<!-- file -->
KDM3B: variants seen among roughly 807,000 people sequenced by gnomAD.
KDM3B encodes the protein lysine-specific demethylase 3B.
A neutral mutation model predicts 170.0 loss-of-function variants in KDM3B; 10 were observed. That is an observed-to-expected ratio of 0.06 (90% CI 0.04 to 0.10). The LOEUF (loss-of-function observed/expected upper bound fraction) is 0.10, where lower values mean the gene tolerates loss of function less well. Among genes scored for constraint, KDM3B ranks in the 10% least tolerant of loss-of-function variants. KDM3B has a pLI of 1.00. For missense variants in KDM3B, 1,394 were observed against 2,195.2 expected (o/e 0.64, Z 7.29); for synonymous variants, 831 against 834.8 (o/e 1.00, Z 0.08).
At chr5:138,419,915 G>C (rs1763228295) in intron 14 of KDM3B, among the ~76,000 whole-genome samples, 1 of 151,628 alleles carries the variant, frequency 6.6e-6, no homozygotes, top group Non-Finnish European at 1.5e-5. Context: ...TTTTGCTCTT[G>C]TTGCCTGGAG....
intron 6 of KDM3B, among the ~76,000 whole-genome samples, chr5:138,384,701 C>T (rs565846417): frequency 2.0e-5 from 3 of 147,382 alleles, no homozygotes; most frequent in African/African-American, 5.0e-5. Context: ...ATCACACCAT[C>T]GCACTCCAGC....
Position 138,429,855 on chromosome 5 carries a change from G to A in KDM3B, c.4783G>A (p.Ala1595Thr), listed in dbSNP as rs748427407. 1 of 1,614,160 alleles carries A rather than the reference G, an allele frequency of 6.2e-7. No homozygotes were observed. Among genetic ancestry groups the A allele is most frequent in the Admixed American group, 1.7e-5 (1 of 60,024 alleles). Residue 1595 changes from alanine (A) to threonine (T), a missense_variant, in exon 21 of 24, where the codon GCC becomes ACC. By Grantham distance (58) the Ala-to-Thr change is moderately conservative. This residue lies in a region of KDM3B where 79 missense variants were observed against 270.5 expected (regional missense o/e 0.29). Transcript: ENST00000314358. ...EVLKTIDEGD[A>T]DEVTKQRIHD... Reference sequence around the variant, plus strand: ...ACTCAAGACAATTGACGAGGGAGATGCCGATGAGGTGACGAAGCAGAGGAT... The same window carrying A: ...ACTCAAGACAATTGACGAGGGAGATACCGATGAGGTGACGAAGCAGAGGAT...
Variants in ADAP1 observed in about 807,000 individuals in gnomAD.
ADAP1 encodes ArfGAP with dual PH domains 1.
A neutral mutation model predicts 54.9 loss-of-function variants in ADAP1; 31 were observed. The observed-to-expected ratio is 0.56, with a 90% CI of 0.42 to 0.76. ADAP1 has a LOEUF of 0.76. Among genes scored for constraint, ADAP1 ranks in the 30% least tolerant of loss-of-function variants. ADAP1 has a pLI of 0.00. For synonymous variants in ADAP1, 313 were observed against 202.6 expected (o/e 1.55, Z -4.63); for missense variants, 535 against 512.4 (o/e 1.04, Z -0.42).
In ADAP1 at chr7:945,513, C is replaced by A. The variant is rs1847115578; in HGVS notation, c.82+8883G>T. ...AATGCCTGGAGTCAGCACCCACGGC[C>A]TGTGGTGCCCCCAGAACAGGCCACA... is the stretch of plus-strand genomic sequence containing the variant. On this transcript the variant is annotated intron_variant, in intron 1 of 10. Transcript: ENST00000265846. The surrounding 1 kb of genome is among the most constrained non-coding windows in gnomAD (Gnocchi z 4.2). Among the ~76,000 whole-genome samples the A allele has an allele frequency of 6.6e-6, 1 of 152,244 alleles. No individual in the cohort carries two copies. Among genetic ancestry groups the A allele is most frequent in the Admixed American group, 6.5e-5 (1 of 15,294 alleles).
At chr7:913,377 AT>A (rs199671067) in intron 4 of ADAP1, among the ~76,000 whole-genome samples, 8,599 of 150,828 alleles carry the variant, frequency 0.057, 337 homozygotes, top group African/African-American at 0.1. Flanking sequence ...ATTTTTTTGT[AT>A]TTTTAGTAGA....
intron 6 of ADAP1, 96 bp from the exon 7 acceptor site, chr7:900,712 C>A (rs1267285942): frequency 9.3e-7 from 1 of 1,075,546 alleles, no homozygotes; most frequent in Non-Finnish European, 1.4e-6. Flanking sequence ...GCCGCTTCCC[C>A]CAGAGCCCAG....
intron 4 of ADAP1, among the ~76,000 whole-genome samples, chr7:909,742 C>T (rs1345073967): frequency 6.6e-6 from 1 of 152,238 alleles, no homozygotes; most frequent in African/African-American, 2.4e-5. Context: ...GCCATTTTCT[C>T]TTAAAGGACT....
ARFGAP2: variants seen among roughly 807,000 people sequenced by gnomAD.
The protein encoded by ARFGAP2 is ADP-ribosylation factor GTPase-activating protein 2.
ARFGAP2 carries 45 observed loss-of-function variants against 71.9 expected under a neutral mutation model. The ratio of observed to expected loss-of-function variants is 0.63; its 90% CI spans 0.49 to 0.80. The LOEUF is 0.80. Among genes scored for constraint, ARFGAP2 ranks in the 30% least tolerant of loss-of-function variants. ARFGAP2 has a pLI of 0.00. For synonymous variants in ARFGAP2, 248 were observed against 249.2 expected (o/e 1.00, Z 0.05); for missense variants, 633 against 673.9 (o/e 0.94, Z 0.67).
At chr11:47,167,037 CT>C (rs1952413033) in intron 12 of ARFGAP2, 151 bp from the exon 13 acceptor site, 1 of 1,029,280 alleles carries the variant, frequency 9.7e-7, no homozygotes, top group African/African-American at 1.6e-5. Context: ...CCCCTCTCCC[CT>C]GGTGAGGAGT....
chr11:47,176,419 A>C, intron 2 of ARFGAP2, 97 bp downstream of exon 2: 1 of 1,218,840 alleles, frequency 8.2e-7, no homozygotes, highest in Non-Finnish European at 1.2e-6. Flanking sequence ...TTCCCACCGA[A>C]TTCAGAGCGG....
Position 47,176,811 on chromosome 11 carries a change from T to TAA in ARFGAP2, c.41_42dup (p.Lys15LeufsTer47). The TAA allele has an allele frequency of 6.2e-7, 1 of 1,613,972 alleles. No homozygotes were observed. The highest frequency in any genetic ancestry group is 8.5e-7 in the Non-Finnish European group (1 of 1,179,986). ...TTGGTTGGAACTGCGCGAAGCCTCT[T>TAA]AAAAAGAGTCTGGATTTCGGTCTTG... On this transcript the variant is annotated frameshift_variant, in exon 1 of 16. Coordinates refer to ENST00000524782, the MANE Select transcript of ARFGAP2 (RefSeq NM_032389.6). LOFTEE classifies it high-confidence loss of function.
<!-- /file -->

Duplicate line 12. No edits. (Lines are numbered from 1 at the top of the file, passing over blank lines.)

intron 6 of ADAP1, 96 bp from the exon 7 acceptor site, chr7:900,712 C>A (rs1267285942): frequency 9.3e-7 from 1 of 1,075,546 alleles, no homozygotes; most frequent in Non-Finnish European, 1.4e-6. Flanking sequence ...GCCGCTTCCC[C>A]CAGAGCCCAG....